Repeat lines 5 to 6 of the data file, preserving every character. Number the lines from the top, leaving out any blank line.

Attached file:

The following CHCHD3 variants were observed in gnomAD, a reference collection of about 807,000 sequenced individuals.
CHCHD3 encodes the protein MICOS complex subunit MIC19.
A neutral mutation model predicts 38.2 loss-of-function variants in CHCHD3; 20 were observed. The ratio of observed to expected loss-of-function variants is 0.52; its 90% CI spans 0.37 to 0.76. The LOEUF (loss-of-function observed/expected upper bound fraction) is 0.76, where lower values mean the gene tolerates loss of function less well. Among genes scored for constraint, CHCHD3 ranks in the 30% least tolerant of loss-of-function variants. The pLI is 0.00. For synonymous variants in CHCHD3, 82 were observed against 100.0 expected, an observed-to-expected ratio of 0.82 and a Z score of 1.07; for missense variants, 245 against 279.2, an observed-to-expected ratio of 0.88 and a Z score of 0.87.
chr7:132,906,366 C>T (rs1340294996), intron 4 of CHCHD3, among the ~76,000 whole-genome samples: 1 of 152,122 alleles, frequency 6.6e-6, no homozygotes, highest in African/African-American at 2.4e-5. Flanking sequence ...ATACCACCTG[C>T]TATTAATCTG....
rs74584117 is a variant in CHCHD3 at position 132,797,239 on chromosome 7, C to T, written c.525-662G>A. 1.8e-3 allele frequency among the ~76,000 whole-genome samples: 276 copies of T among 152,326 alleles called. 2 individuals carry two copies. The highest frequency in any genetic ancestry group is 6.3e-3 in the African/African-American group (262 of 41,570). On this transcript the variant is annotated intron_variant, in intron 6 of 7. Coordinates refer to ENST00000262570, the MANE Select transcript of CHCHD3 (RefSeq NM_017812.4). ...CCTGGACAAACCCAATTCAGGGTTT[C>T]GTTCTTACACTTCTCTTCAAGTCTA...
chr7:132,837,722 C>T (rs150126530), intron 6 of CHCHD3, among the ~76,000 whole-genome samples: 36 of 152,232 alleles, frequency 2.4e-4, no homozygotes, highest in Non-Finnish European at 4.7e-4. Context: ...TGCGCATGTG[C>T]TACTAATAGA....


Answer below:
rs74584117 is a variant in CHCHD3 at position 132,797,239 on chromosome 7, C to T, written c.525-662G>A. 1.8e-3 allele frequency among the ~76,000 whole-genome samples: 276 copies of T among 152,326 alleles called. 2 individuals carry two copies. The highest frequency in any genetic ancestry group is 6.3e-3 in the African/African-American group (262 of 41,570). On this transcript the variant is annotated intron_variant, in intron 6 of 7. Coordinates refer to ENST00000262570, the MANE Select transcript of CHCHD3 (RefSeq NM_017812.4). ...CCTGGACAAACCCAATTCAGGGTTT[C>T]GTTCTTACACTTCTCTTCAAGTCTA...
chr7:132,837,722 C>T (rs150126530), intron 6 of CHCHD3, among the ~76,000 whole-genome samples: 36 of 152,232 alleles, frequency 2.4e-4, no homozygotes, highest in Non-Finnish European at 4.7e-4. Context: ...TGCGCATGTG[C>T]TACTAATAGA....